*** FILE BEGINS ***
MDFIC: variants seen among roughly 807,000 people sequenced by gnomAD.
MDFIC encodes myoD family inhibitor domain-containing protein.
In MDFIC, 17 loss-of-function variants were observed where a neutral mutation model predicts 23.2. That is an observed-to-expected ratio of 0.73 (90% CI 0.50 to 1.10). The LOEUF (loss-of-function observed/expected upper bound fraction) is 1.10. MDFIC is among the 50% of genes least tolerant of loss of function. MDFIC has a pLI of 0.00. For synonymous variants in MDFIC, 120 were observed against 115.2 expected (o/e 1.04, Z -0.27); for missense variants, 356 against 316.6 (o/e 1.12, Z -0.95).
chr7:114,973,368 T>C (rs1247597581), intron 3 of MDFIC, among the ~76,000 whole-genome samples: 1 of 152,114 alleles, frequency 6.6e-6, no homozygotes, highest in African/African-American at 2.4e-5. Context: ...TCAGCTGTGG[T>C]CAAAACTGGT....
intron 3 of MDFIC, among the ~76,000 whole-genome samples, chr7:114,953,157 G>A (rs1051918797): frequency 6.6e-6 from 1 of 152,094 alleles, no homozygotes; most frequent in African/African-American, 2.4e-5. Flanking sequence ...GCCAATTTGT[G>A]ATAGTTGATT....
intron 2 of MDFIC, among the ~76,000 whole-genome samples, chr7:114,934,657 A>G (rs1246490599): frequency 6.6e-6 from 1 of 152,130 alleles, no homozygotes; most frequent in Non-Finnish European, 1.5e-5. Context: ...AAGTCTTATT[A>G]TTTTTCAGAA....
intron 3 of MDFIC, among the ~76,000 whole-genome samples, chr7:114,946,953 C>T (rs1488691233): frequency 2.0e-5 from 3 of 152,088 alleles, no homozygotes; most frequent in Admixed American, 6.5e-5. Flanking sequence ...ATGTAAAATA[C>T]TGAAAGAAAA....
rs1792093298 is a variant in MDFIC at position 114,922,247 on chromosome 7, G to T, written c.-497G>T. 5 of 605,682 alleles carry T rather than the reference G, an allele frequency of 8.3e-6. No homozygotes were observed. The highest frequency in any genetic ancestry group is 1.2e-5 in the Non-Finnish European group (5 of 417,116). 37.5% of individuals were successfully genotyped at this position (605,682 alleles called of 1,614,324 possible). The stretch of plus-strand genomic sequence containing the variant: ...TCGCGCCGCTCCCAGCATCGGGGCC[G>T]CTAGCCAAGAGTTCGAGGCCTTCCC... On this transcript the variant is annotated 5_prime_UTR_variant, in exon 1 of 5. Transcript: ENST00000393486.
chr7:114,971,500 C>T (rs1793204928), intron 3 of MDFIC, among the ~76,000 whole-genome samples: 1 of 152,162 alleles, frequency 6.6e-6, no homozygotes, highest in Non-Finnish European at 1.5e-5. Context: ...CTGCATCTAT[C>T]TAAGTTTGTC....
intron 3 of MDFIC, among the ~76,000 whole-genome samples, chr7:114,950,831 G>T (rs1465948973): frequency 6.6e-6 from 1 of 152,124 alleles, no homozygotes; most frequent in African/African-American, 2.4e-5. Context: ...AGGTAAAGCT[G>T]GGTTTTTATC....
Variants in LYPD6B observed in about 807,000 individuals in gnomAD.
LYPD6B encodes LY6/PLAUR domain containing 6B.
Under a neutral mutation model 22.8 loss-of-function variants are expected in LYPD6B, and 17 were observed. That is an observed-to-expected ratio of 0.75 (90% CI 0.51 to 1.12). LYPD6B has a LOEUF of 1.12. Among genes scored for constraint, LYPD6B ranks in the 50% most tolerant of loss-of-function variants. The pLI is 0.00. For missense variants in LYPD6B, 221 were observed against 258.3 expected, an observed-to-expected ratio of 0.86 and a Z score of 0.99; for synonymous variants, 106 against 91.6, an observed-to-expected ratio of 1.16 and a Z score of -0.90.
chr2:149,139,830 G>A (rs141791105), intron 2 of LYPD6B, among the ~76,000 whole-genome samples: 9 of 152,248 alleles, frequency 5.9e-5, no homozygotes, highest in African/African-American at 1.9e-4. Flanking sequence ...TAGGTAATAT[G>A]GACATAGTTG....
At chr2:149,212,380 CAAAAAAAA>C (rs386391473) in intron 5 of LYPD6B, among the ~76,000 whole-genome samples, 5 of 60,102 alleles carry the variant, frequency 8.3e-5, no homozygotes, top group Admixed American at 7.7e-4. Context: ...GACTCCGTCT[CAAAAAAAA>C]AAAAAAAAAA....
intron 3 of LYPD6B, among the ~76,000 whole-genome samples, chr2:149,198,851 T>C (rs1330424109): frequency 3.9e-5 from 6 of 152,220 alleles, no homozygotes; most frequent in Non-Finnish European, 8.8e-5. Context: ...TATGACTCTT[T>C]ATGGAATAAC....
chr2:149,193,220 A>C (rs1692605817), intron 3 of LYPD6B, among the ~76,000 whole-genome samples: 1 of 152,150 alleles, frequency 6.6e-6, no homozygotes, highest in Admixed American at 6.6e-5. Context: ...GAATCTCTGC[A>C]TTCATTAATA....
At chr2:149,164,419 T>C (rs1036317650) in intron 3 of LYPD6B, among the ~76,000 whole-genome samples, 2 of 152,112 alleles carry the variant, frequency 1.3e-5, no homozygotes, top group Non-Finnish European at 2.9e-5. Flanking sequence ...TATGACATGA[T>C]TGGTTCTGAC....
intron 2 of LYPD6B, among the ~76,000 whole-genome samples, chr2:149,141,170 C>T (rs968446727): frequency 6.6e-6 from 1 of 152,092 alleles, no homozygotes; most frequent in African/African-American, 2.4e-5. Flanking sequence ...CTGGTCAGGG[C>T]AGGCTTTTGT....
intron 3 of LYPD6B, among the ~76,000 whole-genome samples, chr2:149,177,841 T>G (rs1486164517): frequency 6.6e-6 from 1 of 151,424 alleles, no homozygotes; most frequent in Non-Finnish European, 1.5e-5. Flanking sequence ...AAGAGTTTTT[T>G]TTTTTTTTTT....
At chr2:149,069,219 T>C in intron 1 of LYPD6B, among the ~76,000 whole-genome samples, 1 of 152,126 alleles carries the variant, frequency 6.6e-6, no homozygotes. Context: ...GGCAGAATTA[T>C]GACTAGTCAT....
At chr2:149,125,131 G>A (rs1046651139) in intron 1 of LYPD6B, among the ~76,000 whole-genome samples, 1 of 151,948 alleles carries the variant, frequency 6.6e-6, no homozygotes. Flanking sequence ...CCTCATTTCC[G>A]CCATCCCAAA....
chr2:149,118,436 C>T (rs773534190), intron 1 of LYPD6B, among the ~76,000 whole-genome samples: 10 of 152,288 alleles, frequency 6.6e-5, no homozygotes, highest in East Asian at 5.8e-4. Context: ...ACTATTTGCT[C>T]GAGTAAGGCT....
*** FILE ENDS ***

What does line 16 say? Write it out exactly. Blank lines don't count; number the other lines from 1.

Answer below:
intron 3 of LYPD6B, among the ~76,000 whole-genome samples, chr2:149,198,851 T>C (rs1330424109): frequency 3.9e-5 from 6 of 152,220 alleles, no homozygotes; most frequent in Non-Finnish European, 8.8e-5. Context: ...TATGACTCTT[T>C]ATGGAATAAC....